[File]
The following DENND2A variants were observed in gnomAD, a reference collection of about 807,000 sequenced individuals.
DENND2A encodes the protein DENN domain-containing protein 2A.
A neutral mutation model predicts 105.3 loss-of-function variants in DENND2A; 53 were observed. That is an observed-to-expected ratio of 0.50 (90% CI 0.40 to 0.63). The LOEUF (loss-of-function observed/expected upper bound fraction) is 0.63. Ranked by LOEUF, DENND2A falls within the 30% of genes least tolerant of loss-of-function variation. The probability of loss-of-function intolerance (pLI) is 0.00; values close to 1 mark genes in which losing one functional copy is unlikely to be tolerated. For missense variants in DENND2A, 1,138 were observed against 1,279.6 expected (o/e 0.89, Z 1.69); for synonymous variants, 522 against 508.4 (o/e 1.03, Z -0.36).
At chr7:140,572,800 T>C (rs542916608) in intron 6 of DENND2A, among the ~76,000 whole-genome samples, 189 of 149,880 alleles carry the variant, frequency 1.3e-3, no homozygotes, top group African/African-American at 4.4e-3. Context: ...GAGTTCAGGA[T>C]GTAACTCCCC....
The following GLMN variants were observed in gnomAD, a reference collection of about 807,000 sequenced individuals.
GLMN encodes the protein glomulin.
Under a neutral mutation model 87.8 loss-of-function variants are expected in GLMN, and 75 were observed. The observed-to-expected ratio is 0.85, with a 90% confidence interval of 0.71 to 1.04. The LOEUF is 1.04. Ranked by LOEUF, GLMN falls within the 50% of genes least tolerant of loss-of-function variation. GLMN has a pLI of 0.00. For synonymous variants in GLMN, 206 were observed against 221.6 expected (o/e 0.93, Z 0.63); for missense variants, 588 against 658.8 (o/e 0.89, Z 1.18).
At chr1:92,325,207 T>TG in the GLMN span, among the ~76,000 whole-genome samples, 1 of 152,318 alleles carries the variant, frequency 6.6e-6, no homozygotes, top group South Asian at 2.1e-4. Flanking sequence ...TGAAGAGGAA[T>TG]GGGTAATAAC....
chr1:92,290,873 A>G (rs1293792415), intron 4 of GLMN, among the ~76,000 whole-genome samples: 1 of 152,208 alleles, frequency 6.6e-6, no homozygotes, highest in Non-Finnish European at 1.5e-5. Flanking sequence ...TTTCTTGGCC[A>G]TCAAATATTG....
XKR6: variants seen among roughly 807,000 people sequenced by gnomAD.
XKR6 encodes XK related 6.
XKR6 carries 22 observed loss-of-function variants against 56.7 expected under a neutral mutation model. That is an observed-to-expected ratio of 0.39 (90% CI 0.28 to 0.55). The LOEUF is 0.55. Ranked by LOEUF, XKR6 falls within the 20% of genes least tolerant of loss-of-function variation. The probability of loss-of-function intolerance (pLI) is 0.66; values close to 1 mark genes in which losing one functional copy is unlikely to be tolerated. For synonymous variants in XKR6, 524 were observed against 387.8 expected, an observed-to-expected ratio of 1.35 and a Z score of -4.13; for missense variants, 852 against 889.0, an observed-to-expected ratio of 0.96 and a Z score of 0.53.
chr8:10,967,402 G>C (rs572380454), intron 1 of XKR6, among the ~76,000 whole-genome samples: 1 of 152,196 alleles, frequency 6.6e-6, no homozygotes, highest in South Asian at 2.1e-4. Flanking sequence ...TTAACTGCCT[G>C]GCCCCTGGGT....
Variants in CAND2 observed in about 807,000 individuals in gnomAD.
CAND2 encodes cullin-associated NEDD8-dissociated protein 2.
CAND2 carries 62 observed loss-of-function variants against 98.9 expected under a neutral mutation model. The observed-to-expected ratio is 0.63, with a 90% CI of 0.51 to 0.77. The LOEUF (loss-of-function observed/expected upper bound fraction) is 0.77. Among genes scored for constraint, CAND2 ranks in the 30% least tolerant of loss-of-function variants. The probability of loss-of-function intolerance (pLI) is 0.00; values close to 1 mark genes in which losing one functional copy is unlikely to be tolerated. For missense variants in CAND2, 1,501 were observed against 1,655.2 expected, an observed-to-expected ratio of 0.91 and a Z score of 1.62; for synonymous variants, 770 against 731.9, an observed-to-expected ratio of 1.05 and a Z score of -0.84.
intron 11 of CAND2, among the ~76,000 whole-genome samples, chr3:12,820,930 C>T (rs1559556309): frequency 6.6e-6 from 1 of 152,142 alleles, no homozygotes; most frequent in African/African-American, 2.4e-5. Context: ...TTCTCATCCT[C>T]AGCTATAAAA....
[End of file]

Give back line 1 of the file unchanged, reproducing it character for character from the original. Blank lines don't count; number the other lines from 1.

The following DENND2A variants were observed in gnomAD, a reference collection of about 807,000 sequenced individuals.